Thursday, February 2, 2023

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Palestinian advocates praise a new fact sheet on discrimination, Pennsylvania considers extending deadlines for abuse claims, and North Dakota's corporate farming debate affects landowners and tribes.

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Vice President Kamala Harris urges Congress to pass the George Floyd Justice in Policing Act, the House begins the process to impeach the Homeland Security Secretary, and the Federal Reserve nudges interest rates up.

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Putting Spotlight on Lung Cancer and How to Prevent It

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Tuesday, November 15, 2022   

November is Lung Cancer Awareness Month, bringing the spotlight to the country's deadliest form of cancer. There will be an estimated 130,000 lung cancer deaths
in 2022, including nearly 2,000 in Minnesota, according to the American Cancer Society.

Michael Skokan, a pulmonary critical-care physician at The Oregon Clinic, said many of these deaths are preventable and the first action people can take is to stop smoking.

Skokan said the disease historically has presented some challenges to doctors.

"When you find it at an early stage, you can treat it," Skokan said. "But over the years, we hadn't been good at doing that because people don't really have symptoms, and once they have symptoms it's usually a later stage and it's spread and its much, much more difficult to treat and sometimes it's not treatable."

Skokan said people who haven't yet quit and meet certain criteria are able to get screened for the cancer with a C-T scan of their lungs. The scan helps doctors identify early-stage lung cancers, and the tool has been around for about a decade.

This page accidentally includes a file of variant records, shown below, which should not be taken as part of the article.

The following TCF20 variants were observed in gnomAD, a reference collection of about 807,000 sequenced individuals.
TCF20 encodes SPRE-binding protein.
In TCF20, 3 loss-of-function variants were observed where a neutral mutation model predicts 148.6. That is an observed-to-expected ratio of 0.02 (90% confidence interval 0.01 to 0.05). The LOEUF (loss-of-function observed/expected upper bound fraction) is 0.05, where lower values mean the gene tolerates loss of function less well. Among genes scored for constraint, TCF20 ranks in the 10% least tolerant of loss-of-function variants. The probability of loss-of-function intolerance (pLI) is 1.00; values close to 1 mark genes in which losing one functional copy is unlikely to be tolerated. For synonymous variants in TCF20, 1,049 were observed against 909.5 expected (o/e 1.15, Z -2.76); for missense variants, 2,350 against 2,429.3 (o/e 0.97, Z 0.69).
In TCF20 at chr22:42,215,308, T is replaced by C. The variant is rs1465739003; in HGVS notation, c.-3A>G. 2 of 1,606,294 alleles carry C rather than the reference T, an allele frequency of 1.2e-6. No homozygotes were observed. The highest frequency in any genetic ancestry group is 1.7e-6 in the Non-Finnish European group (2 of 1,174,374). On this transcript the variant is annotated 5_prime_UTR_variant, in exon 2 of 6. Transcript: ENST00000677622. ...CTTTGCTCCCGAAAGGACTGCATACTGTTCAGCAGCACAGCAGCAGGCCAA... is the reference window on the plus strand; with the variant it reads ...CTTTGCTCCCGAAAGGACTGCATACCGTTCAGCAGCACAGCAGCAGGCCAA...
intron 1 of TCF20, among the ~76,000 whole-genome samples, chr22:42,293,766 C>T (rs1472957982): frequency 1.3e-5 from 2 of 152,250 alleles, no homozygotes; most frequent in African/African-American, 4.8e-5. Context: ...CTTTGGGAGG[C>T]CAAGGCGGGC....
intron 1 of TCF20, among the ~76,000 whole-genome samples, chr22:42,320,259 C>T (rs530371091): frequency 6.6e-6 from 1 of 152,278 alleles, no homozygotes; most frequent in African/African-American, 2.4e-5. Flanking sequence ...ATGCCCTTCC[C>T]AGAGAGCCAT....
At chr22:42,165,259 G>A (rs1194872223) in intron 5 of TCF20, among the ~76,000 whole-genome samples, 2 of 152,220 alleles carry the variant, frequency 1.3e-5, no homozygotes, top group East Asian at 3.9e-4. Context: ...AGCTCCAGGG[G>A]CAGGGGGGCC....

COVID-19 has an effect on lung health but no direct link with cancer. However, Skokan said the pandemic did affect treatment, with many people avoiding the doctor's office.

"People who got other things during that time when everything was really problematic in getting care - that affected a lot of people who didn't necessarily have COVID but got other things, including lung disease or lung cancer, and couldn't get treated as timely as we had been able to do in the past," Skokan said.

While the number of deaths is still high, Skokan noted that it has been going down in recent years for a few reasons.

"Number one, less people smoking. So we're starting to see the effects of that. And the other thing is that our treatments are getting better," he said. "So people who present with lung cancer - we now have more options for treatment and people are living longer."


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